Iceland not using IMF money to strengthen currency

10000kr joke noteThe Central Bank of Iceland (CBI) has still not needed to use any of the International Monetary Fund (IMF) loan to the country to stabilise the rate of the Icelandic krona, visir.is reports.

According to sources within the central bank, it is unclear how much interest Iceland will have to pay on its USD 2.1 billion IMF loan. IMF interest rates are variable and are tallied weekly as so-called SDR-interest. The interest is based on short-term rates in the Eurozone, the USA, Japan and the UK and is payable monthly. Currently the rate is roughly four percent and the CBI says that it should work out to be a good longer term benchmark.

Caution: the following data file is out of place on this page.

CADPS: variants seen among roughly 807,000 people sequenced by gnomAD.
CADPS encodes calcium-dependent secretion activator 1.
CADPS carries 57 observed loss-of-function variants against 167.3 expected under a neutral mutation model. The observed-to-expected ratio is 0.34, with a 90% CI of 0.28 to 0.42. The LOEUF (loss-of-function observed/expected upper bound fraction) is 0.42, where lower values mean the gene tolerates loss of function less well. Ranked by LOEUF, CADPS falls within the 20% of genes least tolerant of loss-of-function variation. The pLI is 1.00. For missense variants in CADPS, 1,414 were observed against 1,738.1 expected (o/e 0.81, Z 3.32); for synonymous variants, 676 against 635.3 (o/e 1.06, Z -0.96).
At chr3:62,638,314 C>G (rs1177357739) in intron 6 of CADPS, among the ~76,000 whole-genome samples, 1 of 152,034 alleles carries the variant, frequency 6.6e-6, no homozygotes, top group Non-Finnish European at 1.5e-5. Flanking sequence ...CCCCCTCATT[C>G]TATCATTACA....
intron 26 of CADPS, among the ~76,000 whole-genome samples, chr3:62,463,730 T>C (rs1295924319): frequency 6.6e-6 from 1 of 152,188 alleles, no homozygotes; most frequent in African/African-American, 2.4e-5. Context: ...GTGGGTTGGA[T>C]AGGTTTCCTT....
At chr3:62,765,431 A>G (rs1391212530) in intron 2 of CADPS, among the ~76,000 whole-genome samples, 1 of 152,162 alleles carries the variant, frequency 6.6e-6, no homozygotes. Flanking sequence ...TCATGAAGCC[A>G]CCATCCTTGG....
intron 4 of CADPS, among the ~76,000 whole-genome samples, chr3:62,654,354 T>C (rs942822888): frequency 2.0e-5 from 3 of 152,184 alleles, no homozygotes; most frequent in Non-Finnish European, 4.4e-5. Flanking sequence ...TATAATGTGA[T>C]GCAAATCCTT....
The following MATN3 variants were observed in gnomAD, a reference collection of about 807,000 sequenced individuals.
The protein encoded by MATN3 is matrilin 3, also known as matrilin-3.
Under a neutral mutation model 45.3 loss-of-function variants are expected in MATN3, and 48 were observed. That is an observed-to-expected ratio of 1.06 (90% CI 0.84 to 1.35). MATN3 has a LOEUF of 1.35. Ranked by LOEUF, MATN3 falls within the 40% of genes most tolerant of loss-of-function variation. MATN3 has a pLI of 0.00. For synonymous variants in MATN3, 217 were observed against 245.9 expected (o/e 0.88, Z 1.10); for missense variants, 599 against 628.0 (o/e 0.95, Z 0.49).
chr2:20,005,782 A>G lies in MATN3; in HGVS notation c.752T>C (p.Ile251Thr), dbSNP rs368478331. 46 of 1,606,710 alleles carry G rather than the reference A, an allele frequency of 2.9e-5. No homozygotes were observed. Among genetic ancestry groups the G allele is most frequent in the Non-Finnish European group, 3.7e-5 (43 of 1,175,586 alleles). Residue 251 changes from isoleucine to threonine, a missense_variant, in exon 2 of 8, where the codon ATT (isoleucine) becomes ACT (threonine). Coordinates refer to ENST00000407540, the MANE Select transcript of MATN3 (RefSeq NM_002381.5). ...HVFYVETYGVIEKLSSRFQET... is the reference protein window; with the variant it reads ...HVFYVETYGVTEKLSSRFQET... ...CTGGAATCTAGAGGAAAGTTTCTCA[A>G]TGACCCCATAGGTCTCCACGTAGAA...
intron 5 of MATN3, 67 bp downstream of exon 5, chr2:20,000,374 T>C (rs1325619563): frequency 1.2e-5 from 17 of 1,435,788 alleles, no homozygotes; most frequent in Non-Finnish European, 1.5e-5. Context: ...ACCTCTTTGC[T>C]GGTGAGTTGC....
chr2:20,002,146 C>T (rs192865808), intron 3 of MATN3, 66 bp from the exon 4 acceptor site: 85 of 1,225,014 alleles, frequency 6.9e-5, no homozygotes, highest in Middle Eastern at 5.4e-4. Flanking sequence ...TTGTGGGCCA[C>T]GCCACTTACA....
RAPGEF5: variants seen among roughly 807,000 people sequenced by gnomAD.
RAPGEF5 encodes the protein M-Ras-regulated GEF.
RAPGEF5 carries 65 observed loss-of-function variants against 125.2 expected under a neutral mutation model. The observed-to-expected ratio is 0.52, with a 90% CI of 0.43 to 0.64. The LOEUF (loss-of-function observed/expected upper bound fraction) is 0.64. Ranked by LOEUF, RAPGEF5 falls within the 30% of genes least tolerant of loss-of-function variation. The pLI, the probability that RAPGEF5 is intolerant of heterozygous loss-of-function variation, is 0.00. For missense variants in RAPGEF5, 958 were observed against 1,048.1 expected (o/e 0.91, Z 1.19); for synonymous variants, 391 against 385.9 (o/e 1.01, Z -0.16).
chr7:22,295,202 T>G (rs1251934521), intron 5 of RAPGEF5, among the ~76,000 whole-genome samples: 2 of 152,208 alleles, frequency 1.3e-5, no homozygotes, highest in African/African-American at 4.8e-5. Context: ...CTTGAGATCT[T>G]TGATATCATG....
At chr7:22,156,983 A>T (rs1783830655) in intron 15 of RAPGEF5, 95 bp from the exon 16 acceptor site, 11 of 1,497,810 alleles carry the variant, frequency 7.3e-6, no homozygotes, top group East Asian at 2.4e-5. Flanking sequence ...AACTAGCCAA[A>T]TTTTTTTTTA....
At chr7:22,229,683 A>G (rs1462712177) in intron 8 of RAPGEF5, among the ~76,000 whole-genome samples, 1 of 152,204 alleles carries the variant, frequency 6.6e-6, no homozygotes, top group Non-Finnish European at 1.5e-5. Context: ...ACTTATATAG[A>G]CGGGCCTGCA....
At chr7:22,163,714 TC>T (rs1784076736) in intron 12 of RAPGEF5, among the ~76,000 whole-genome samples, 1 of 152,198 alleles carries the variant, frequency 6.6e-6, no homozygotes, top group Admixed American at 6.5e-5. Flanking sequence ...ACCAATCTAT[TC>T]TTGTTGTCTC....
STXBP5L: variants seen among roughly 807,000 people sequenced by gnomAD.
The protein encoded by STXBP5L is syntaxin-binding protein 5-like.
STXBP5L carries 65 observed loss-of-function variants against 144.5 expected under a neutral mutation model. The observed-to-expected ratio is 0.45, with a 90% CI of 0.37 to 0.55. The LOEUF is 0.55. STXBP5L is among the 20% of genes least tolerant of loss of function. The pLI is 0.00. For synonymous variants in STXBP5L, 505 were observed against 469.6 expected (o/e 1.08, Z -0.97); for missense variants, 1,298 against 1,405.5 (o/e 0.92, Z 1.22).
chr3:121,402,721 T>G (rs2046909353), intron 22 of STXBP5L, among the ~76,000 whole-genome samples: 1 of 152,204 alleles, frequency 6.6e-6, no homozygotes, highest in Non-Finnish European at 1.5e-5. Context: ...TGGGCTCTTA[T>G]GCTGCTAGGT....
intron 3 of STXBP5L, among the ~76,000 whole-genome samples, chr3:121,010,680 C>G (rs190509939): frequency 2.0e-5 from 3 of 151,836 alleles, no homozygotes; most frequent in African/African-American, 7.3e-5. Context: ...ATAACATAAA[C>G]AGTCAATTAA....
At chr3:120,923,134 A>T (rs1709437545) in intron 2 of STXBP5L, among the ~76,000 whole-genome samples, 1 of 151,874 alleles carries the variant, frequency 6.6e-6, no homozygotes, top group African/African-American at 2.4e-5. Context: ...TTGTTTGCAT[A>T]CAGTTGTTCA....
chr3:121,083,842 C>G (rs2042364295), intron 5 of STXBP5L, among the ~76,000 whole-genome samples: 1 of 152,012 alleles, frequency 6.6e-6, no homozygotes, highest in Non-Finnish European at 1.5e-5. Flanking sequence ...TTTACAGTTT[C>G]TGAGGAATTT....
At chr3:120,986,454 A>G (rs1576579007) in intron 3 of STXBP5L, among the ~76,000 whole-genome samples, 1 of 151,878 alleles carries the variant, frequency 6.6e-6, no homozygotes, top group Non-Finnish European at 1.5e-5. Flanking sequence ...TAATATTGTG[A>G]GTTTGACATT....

It has also emerged in information from the CBI that loans from other nations have still not been finalised and their situation remains unclear. The bank would not be drawn on likely total interest costs until all loans have been firmly rejected or confirmed.

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